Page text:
Born 1974 in Paris, France Lives and works in London, England
Céline Condorelli is an artist trained in architecture, and her broad practice often merges ideas of exhibition, politics, public space, fiction, discussion and installation across a variety of projects. Throughout her work, there is an overarching interest in the nature of ‘support’ or ‘supporting’. Condorelli has identified three specific and simultaneous strands of this support that fascinate her: the role of support through the performative and the theatrical (stages and staging devices); support through physical structures; and structures as forms of commonality, exploring the question of how to live autonomously and together, forms of communing and of being in common.
‘The circle is perfect and outside time. The wind blows dust in tiger’s eyes. Amy reflects, relaxes with her mind, which puts out buds (emulates the tree). Amy jumps through the circle and comforts the tiger. The tiger sleeps in the tree. High wind. Amy climbs the tree. The tiger sleeps in the tree. High wind. Amy climbs the tree, which groans in the wind and succumbs. The tiger burns.’
Cornelius Cardew, The Tiger’s Mind, 1967
Céline Condorelli’s Structure for Communicating with Wind, 2012–13/16, is one of a series of five sculptures-as-installations produced in 2012–13 as part of a year-long collaborative project initiated by filmmaker Beatrice Gibson and typographer Will Holder. Called The Tiger’s Mind, the project was based on the 1967 character-driven, improvisational score written by avant-garde British composer Cornelius Cardew. Unlike any other piece of experimental music written at that time, Cardew’s The Tiger’s Mind eschews musical notation altogether. Instead, it presents a short, playful, nursery-rhyme-like narrative featuring six characters – Wind, Tiger, Circle, Amy, Mind and Tree – that performers must use as the basis for improvisation and musical interaction.
Gibson and Holder’s collective experiment set out to explore some of the contemporary visual and aural consequences of these instructions, and participants each took on a role from the score and responded in their own particular medium – be it film, text, sculpture or sound. As ‘Tiger’, Condorelli’s resultant sculptures, called Additionals, were attempts ‘to articulate each of [Tiger’s] relationships with the other characters spatially’.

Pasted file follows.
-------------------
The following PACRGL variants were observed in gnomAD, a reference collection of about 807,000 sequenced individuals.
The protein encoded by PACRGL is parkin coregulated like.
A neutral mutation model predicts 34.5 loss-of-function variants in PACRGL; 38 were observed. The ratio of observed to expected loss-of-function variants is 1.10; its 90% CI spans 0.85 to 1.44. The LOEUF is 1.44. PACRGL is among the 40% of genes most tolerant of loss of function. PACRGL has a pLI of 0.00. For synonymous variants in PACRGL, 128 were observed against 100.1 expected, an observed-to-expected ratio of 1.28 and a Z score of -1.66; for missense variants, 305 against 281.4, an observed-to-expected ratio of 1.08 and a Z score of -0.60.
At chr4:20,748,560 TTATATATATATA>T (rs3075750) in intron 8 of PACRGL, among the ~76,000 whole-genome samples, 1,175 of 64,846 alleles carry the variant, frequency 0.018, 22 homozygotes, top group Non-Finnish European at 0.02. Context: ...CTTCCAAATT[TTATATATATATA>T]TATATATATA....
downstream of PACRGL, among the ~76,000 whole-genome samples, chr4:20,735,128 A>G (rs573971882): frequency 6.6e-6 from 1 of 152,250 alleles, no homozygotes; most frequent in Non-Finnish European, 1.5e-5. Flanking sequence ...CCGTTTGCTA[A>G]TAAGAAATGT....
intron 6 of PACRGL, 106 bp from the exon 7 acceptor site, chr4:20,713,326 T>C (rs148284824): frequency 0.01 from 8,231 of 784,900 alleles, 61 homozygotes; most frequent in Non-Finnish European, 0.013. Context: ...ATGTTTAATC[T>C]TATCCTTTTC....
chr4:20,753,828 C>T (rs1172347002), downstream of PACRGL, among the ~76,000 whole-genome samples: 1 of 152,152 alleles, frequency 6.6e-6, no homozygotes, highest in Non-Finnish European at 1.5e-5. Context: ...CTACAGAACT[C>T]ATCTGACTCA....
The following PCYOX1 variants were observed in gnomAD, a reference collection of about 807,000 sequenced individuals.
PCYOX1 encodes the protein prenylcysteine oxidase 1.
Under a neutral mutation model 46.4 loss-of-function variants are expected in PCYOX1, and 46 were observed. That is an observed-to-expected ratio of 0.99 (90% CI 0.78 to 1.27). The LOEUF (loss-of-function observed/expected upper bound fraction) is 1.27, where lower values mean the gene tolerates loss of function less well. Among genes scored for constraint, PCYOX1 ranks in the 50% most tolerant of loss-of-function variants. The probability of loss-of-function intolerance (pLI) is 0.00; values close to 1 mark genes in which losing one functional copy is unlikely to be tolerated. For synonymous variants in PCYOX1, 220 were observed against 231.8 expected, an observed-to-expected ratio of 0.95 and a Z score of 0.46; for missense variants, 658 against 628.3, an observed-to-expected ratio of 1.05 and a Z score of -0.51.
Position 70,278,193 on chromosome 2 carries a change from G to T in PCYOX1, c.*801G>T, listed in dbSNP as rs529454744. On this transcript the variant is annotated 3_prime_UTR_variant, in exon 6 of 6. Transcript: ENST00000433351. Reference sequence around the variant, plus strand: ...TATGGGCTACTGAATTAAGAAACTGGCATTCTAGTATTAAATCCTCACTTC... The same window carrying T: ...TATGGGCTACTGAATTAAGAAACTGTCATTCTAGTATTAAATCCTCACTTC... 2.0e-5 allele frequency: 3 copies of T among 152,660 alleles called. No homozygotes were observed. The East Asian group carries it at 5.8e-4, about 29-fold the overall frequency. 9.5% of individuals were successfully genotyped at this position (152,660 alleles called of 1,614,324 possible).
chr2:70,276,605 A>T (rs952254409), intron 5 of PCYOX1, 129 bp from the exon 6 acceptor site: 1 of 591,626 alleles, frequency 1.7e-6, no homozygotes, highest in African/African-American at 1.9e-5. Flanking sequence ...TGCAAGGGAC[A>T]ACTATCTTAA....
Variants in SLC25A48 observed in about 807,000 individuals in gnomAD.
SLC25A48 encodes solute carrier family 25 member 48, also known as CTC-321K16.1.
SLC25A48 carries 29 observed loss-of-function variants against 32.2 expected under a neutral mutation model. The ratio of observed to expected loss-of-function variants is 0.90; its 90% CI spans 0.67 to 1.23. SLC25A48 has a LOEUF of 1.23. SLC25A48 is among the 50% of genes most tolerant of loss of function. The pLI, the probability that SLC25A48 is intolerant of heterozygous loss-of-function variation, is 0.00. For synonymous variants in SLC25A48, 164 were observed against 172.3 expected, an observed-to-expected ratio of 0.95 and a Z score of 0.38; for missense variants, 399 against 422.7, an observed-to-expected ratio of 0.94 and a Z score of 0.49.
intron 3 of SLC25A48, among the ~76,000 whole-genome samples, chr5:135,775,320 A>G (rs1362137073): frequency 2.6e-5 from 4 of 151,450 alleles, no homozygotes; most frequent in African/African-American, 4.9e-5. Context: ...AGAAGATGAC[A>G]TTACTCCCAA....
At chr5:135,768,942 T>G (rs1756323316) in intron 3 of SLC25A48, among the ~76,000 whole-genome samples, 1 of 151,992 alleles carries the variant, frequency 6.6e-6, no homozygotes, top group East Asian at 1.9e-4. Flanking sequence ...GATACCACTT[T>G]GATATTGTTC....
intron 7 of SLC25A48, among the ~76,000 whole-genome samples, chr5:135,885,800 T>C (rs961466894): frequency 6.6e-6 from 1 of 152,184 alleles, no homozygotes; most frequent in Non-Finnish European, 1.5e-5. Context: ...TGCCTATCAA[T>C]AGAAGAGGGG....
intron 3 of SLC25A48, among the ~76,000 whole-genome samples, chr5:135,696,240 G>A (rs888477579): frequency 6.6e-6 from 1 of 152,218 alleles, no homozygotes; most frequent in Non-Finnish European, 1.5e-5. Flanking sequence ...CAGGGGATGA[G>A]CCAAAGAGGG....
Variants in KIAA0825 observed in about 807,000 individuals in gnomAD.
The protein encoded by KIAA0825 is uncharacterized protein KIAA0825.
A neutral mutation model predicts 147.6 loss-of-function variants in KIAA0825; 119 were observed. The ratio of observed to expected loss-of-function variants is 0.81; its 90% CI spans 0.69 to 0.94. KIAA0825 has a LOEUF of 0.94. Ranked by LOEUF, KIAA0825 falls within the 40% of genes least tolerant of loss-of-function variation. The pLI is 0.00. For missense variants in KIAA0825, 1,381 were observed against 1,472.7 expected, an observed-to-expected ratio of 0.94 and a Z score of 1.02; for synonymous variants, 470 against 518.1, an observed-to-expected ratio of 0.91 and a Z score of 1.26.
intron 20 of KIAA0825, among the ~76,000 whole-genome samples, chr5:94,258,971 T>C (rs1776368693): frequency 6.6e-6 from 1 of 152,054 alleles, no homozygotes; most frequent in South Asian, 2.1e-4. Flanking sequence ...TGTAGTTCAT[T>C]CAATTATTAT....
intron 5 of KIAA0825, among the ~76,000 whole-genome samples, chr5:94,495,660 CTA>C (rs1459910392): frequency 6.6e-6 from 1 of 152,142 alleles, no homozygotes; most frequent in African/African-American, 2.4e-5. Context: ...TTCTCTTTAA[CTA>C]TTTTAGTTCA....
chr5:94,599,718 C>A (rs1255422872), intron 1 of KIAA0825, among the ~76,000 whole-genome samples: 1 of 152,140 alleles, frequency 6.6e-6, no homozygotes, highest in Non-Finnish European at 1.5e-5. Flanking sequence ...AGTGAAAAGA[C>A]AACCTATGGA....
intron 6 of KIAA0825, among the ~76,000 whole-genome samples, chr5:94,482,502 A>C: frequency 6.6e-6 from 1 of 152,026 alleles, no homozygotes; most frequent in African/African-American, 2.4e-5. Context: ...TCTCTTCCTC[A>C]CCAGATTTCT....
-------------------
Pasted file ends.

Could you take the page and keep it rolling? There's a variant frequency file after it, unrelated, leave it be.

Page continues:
Assembled from a range of modest construction materials and found objects, these Additionals appear as large, quasi-functional props that sit somewhere between furniture and architecture, referencing set design, conceptual art and architectural proposals. As structures, they seek to enable ‘communicating, listening, preparing, reading and public speaking’ for and between each of Cardew’s characters as reimagined by Condorelli.
In Structure for Communicating with Wind, a large metallic curtain made from lightweight space blankets ‘provides presence to what passes unseen and unheard: the abstracted form carrying Wind’s news to Tiger, silently’.
Condorelli has exhibited extensively with solo presentations that include, ‘bau bau’, HangarBicocca, Milan (2015); ‘Positions’, Van Abbemuseum, Eindhoven (2014); ‘Céline Condorelli’, Chisenhale Gallery, London (2014). Group exhibitions in which the artist has participated include, ‘Display Show’, Eastside Projects, Birmingham (2015); ‘In Search of Matisse’, Henie Onstadt Museum, Oslo (2015); ‘Function Follows Vision, Vision Follows Reality’, Kunsthalle Wien, Vienna (2015); and ‘Art in the Age of Energy & Raw Material’, Witte de With, Rotterdam (2015).